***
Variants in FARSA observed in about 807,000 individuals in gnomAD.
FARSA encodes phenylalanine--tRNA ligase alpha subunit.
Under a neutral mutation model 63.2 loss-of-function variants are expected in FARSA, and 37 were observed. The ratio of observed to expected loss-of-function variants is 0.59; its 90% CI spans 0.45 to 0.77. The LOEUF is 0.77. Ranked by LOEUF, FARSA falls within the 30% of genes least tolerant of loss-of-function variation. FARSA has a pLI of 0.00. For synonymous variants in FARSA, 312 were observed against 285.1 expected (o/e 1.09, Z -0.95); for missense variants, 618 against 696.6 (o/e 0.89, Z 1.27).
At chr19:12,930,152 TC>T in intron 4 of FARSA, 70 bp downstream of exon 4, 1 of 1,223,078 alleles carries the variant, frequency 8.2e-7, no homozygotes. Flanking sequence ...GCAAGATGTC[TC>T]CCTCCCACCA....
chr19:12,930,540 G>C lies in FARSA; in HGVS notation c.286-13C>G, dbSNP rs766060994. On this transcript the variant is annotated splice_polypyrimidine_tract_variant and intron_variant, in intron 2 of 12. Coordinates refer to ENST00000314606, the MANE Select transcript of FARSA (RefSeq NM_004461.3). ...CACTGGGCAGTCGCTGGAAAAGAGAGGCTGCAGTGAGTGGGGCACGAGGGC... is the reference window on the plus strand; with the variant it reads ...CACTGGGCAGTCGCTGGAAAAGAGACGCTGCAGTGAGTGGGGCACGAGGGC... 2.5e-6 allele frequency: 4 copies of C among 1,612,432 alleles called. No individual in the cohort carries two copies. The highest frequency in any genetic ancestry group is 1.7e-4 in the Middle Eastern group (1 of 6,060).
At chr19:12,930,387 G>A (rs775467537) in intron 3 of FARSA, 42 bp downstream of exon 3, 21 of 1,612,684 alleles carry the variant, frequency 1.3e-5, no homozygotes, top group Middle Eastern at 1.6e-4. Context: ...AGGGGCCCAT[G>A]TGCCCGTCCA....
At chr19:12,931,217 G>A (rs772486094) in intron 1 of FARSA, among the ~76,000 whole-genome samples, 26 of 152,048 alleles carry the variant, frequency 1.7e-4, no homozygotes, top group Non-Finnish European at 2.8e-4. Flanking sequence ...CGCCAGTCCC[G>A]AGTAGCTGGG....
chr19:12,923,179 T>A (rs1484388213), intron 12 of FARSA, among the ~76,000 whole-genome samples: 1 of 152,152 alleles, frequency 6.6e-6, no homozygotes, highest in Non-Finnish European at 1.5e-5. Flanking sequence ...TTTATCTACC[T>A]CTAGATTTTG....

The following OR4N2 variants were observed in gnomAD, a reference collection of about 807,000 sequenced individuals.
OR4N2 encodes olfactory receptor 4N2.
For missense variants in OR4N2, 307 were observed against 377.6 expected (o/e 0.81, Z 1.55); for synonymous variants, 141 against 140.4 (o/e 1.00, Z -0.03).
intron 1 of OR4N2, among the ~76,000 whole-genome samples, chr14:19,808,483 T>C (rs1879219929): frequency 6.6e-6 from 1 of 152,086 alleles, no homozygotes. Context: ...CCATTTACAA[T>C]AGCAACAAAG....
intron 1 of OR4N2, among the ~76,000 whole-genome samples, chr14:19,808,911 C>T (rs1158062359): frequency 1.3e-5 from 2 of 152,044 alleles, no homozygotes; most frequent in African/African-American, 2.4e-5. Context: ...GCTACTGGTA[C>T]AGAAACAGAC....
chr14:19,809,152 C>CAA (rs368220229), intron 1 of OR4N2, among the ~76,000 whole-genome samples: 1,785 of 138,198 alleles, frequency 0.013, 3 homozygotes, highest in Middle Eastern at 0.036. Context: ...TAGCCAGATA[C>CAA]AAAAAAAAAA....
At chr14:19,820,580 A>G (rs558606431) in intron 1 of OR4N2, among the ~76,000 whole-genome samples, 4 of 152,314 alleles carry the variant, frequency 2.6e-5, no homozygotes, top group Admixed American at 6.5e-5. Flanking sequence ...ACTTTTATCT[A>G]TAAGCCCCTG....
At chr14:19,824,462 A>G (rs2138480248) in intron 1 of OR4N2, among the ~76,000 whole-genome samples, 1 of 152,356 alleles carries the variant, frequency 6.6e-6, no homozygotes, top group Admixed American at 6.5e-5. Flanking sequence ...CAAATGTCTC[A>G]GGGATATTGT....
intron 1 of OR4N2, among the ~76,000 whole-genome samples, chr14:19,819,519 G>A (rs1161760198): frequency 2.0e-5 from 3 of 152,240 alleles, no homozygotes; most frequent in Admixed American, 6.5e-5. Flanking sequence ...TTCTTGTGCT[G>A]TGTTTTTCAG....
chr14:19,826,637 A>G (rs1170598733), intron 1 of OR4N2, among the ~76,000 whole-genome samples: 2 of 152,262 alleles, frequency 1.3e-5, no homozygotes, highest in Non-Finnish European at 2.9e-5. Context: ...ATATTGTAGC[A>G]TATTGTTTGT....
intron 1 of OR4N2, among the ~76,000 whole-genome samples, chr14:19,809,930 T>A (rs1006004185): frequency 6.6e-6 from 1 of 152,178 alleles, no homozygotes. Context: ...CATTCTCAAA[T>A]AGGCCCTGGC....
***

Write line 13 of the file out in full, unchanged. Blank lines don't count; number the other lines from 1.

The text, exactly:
intron 1 of OR4N2, among the ~76,000 whole-genome samples, chr14:19,808,911 C>T (rs1158062359): frequency 1.3e-5 from 2 of 152,044 alleles, no homozygotes; most frequent in African/African-American, 2.4e-5. Context: ...GCTACTGGTA[C>T]AGAAACAGAC....